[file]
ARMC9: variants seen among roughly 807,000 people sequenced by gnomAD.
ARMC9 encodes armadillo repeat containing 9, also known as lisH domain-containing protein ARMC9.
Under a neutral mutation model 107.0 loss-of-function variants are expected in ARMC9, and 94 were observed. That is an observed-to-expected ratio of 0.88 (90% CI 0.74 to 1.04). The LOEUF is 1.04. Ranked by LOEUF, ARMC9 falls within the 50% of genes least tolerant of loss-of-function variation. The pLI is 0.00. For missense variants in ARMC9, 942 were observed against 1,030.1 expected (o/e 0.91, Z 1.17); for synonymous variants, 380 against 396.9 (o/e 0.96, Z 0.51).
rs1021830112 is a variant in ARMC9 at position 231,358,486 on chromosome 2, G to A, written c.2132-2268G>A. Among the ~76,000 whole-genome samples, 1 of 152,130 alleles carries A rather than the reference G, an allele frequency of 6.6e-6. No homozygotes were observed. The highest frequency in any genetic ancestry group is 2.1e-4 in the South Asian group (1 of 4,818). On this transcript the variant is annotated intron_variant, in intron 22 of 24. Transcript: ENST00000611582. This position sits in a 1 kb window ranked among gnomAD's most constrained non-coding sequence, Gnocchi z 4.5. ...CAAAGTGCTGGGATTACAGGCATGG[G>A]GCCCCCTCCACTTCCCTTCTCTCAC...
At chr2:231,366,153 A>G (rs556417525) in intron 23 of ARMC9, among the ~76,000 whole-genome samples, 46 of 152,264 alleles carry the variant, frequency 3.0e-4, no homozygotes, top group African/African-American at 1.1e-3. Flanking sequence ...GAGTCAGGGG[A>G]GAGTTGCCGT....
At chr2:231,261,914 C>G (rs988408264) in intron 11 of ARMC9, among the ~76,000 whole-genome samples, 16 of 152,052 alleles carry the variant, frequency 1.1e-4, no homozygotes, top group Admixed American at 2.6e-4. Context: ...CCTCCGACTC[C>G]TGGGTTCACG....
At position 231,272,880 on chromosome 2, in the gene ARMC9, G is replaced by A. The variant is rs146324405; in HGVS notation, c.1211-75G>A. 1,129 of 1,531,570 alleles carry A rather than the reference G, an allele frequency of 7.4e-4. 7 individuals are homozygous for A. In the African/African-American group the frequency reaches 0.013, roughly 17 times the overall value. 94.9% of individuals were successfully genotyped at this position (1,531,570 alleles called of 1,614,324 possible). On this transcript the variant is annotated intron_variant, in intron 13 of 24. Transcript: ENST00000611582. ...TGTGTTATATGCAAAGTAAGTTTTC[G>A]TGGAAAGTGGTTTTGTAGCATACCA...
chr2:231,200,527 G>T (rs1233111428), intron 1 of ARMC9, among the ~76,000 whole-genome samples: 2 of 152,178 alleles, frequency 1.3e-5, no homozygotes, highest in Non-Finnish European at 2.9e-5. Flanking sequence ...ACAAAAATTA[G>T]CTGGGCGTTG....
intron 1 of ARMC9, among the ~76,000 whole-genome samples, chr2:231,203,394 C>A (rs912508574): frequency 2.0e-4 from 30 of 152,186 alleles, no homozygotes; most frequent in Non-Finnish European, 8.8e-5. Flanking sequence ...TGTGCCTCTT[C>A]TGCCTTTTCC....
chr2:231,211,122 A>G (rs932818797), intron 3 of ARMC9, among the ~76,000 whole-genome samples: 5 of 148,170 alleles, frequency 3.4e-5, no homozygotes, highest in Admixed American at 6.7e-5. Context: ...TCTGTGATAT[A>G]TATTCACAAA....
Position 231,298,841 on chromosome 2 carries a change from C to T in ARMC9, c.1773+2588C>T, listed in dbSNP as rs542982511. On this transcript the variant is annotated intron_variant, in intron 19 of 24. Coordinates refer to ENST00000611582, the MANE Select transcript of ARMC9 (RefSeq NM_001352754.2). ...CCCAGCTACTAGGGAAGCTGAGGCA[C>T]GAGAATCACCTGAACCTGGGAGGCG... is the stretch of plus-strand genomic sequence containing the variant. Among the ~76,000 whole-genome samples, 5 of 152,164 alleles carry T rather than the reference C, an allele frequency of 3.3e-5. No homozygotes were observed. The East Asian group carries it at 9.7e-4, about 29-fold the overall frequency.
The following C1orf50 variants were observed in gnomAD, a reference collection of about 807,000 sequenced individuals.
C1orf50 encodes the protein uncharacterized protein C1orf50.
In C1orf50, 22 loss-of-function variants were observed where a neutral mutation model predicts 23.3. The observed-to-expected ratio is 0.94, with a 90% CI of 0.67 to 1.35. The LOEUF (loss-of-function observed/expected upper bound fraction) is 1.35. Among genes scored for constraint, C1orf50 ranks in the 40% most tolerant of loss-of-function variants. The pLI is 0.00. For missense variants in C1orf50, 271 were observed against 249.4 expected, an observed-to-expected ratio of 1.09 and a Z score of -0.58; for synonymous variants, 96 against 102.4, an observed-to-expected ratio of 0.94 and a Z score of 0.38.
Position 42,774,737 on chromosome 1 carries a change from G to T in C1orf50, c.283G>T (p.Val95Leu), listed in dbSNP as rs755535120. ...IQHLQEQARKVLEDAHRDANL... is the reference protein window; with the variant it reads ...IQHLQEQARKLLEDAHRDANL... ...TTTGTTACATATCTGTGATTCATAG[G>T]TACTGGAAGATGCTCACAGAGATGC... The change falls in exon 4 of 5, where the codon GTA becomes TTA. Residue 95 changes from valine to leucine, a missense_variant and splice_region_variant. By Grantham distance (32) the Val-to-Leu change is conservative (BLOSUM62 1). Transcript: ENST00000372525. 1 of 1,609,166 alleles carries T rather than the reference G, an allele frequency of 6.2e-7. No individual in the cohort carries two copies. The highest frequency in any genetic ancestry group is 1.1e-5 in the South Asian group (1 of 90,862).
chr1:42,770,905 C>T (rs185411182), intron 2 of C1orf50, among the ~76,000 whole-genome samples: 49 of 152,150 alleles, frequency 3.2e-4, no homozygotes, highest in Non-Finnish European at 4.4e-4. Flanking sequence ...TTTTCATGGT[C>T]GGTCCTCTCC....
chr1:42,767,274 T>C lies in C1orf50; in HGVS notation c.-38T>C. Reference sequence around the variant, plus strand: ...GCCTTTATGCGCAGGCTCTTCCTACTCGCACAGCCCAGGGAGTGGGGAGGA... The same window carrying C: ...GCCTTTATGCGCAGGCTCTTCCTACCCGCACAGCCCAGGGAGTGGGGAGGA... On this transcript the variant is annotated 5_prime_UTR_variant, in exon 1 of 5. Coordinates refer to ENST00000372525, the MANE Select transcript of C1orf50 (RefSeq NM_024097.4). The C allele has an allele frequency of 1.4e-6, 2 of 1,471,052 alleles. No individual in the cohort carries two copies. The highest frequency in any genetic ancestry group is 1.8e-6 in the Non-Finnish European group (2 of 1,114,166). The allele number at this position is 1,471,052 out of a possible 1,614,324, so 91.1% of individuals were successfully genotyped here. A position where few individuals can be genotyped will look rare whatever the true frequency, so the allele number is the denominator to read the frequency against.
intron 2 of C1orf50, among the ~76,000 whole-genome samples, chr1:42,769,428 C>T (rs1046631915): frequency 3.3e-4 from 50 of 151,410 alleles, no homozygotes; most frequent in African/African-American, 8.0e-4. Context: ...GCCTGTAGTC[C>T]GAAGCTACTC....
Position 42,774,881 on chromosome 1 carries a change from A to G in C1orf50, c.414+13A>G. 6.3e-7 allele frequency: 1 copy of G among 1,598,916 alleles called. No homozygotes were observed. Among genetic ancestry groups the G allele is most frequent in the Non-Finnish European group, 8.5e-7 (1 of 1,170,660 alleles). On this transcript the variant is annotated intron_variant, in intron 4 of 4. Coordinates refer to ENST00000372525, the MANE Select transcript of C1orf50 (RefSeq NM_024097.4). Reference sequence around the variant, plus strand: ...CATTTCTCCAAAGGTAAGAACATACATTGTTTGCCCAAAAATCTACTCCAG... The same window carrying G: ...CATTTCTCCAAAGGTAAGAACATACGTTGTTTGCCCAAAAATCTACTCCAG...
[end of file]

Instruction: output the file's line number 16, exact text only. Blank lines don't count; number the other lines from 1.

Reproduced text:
chr1:42,770,905 C>T (rs185411182), intron 2 of C1orf50, among the ~76,000 whole-genome samples: 49 of 152,150 alleles, frequency 3.2e-4, no homozygotes, highest in Non-Finnish European at 4.4e-4. Flanking sequence ...TTTTCATGGT[C>T]GGTCCTCTCC....